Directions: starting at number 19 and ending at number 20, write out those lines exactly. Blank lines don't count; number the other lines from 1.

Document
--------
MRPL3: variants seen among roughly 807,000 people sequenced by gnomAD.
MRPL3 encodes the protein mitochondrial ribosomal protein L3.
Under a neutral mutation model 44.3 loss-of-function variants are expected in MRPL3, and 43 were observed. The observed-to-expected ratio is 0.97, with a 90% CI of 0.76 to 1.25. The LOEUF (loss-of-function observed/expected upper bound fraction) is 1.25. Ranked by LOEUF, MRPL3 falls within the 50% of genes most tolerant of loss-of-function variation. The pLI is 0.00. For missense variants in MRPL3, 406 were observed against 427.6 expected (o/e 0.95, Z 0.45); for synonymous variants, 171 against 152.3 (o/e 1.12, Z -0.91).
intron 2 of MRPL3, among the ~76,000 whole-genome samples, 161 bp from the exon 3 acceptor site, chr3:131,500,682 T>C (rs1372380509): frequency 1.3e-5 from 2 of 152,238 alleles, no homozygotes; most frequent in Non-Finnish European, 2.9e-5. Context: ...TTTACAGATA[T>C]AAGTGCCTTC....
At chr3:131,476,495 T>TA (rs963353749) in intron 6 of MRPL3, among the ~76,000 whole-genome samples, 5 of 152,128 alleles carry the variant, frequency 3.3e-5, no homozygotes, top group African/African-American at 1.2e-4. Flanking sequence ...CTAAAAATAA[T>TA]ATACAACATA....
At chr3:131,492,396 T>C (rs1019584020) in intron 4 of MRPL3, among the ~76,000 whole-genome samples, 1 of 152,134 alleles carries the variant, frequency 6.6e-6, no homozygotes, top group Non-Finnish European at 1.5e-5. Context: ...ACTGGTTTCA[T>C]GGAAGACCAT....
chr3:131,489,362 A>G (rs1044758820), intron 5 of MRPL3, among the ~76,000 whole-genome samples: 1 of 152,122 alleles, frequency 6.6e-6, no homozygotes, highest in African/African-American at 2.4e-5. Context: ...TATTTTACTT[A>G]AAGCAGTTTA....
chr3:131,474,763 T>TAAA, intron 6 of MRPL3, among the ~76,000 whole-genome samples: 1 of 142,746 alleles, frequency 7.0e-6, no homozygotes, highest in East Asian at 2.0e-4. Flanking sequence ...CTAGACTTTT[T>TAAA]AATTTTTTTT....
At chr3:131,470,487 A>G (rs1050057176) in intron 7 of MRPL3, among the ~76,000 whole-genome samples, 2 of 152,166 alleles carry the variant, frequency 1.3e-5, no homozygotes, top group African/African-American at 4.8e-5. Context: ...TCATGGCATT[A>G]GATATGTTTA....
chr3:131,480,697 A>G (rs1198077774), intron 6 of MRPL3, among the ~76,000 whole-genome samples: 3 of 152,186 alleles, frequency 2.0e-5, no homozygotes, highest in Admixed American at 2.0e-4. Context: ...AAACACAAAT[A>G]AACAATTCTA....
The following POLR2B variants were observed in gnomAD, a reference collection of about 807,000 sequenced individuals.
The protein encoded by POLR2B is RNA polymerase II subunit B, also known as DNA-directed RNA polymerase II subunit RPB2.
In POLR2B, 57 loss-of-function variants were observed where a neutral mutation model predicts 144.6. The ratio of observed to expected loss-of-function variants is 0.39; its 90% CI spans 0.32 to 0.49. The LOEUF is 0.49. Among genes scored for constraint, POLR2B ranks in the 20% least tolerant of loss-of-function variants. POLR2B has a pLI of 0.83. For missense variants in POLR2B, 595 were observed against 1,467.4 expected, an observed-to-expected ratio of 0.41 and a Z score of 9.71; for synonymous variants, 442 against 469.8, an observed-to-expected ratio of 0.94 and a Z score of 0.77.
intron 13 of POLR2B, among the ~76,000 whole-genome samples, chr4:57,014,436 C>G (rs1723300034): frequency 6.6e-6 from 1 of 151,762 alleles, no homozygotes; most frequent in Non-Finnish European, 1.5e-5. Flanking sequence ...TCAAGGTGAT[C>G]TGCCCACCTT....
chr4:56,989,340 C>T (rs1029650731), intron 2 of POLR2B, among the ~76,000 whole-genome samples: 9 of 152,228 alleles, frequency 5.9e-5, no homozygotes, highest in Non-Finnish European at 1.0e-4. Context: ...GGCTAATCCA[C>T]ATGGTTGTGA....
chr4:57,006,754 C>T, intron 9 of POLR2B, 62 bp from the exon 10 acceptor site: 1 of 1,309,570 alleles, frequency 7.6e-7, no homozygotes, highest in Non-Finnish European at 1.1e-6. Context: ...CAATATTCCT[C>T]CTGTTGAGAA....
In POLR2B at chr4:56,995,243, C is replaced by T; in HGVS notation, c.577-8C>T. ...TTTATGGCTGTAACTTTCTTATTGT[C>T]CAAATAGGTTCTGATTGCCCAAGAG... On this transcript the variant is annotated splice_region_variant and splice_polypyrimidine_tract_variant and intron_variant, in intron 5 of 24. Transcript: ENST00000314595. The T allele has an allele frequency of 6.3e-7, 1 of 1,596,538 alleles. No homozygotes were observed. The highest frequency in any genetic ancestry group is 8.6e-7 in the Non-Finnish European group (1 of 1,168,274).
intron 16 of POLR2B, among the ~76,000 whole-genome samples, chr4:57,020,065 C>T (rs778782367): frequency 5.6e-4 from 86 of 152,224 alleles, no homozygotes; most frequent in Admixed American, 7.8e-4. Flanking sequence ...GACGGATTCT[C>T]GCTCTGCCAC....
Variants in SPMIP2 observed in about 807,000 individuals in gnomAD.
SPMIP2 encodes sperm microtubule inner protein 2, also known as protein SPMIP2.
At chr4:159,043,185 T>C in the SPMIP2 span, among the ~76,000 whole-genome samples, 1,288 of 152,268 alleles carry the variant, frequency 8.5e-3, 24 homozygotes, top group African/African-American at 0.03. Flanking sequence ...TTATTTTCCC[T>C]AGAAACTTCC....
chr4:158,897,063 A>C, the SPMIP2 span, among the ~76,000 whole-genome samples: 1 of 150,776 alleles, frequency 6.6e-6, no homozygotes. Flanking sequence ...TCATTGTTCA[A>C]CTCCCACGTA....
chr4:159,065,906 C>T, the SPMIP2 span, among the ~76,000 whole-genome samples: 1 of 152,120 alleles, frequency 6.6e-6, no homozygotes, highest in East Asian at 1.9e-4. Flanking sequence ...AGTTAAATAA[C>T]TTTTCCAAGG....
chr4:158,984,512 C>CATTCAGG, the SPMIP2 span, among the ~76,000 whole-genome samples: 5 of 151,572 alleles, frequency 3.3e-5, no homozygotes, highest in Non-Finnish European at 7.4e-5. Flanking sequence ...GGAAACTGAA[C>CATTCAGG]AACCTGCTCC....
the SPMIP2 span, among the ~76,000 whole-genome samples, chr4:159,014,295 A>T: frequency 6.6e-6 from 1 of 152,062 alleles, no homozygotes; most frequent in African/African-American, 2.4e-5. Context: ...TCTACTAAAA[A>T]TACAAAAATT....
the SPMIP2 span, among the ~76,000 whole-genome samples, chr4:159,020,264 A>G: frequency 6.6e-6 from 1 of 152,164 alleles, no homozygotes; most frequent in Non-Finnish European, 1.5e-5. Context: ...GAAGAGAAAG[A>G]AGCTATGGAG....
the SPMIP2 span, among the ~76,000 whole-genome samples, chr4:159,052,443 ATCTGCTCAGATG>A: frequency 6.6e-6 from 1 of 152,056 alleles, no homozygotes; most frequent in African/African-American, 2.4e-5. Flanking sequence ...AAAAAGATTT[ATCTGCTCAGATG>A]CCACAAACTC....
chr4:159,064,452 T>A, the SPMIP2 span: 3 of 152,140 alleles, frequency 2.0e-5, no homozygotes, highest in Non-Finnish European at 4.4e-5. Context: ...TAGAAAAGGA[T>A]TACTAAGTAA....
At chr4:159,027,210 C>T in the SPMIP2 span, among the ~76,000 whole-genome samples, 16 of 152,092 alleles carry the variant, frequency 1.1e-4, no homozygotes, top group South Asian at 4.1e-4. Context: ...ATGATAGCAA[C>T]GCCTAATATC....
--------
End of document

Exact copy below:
Variants in SPMIP2 observed in about 807,000 individuals in gnomAD.
SPMIP2 encodes sperm microtubule inner protein 2, also known as protein SPMIP2.